In the 1908 booklet Books for the People, the Midwestern librarian Henry E. Legler wrote: “Following in the wake of the great public library movement, which in less than two decades has dotted the cities of the United States with buildings that house millions of books for the people, came systems of traveling libraries.”
Legler was speaking of what we call bookmobiles, which began to connect the rural cities of America during the early twentieth century.
Since its development in the mid-nineteenth century, the American public library stood not only as a resource for books but also as an institution which mediated between a community and its knowledge. As they gained in popularity, libraries made edified and edifying conversations a part of daily American life.
Not merely a response to the needs of cities, the public library was partly a self-driven and active commitment to cultivate intellectually stimulated communities. There’s more than one way to look at that. In his lecture “Cultural Institutions and American Modernization,” Neil Harris proposes that the development of libraries in the late nineteenth century was “one of the movements of urban reform…[which] sought to impose the cultural and social norms of the upper class.”
Rural populations remained for the most part excluded.Â Too small to sustain local libraries, villages and towns could not access the same materials as metropolitans. The answer to this conundrum? Bookmobiles! Like the public library a century before, the bookmobile strove not only to deliver books, but also to develop an intellectual environment for its patrons.
The first American bookmobile came in 1905 when the head librarian of Washington County Free Library, Mary Titcomb, pioneered the mobile distribution of books across the county. With library janitor Joshua Thomas steering the horse-drawn wagon, Titcomb delivered boxes of books to “deposit stations”-the general stores and post offices of small towns.
Even before Titcomb began her delivery services, the response to this “first buggy book wagon” was met with positive cries: “Libraries to the people!” From then on, the popularity of the library wagon rose: boxes of 30 volumes each were sent to 66 deposit stations throughout Washington County. By 1912, automobiles replaced the original horse-drawn carriage. Without the physical limitations of animal-powered transportation, these vehicles carried even larger collections than before.
In his book Library Ideals, Legler describes how some of the earliest bookmobile were maintained:
Not everyone supported the passage of texts into small towns. Over in England, as early as 1825, Blackwood’s Magazine published an article that claimed, “Whenever a lower order of any state have any smattering of knowledge they have generally used it to produce national ruin.” It seems the political menace of placing a text in the “wrong” hands has always paid books the compliment of their influential force.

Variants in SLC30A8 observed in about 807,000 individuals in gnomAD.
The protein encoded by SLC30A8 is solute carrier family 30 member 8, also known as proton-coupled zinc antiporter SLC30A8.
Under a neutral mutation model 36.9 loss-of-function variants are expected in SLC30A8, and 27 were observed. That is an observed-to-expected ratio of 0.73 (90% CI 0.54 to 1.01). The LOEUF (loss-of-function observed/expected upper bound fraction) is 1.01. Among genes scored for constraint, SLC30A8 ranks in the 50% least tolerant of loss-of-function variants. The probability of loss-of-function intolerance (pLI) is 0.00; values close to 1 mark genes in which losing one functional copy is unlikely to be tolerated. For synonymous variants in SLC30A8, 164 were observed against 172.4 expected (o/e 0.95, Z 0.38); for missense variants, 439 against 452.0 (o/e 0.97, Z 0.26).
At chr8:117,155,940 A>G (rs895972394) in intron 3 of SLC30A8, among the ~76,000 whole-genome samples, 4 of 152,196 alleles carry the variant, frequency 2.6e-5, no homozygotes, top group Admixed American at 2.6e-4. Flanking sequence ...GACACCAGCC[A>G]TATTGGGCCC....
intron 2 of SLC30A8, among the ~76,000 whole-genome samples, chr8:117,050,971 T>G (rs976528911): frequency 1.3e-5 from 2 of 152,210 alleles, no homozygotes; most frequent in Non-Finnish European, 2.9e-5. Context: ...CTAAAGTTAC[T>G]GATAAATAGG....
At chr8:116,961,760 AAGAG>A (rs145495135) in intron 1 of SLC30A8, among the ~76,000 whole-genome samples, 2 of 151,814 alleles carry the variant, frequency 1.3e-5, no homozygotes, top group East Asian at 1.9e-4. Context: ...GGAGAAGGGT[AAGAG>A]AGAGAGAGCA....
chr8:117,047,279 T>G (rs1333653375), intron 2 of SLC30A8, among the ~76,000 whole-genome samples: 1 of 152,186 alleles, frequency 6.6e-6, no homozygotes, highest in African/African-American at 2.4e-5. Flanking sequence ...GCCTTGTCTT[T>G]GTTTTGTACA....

Rural librarian Patricia Salau lauded the cultural possibilities of bookmobiles:
Country people do not have other access to library materials…Frequently, their occupations do not encourage a cultural inclination, or an attitude of self-education…The bookmobile has to show country people that it is available for a range of topics beyond recreational reading, and further, it has to show them that it is useful to learn by reading and discussion, and to consider topics which don’t normally arise in their pastoral or small-town undertakings.
Despite the somewhat demeaning connotations of Salau’s description of “pastoral” or “country people,” her intentions are downright noble.
There was, of course, “good” reading and “bad” reading. One study of the time worried over farmers, who seemed to read only “bulletins and journals of agricultural practices,” while another warned against “penny dreadfuls,” which threatened “the youth of to-day, whose literary excursions will take him into the company of â€˜Buster Brown’ and â€˜Happy Hooligan,’ will have an even chance with the youth of a generation ago to develop into a useful and law abiding citizen?” Hey! I never realized how old this debate was either.
The influential public librarian Eleanor Frances Brown notes that although earlier bookmobiles were filled with “westerns, mysteries, light love stories, general fiction, a smattering of not-too-deep non-fiction, and a great amount of children’s material,” they progressively accrued intellectual texts of “abstract art” and “literary criticism.” She writes inÂ Bookmobiles and Bookmobile Service (1967) that, by the 1960s, “there was little, if any, interest in the light and inconsequential.”
With the rise of bookmobiles, texts were accessible to an older generation who had never encountered libraries or any concept of information repositories. In one case, a….
woman sixty years old walked three miles over ploughed fields to get books, reading â€˜Little Women,’ â€˜Lorna Doone,’ and â€˜The Vicar of Wakefield’ for the first time, catching up on all the reading she hadn’t had time to do in the first half century of her life.
The bookmobile also provided often-detached rural populations opportunities to socialize. In attempts to appeal to adults, bookmobiles often added late night stops. (I’m a little disappointed these don’t happen anymore.) The goal of the bookmobile to educate and thus “make better Americans” opened up a cultural conversation that spreads each day with the traveling word.
When I was growing up, my local public library would give out covers to hold our library cards. In one pocket, you would place your library card, and in the other, your bus pass. On the front, a happy slogan read: “All roads lead to the library.” Wouldn’t it be cool if the road was the library?
Pictured above: an early Davidson County, Tennessee, bookmobile; that county bookmobile service began in 1929.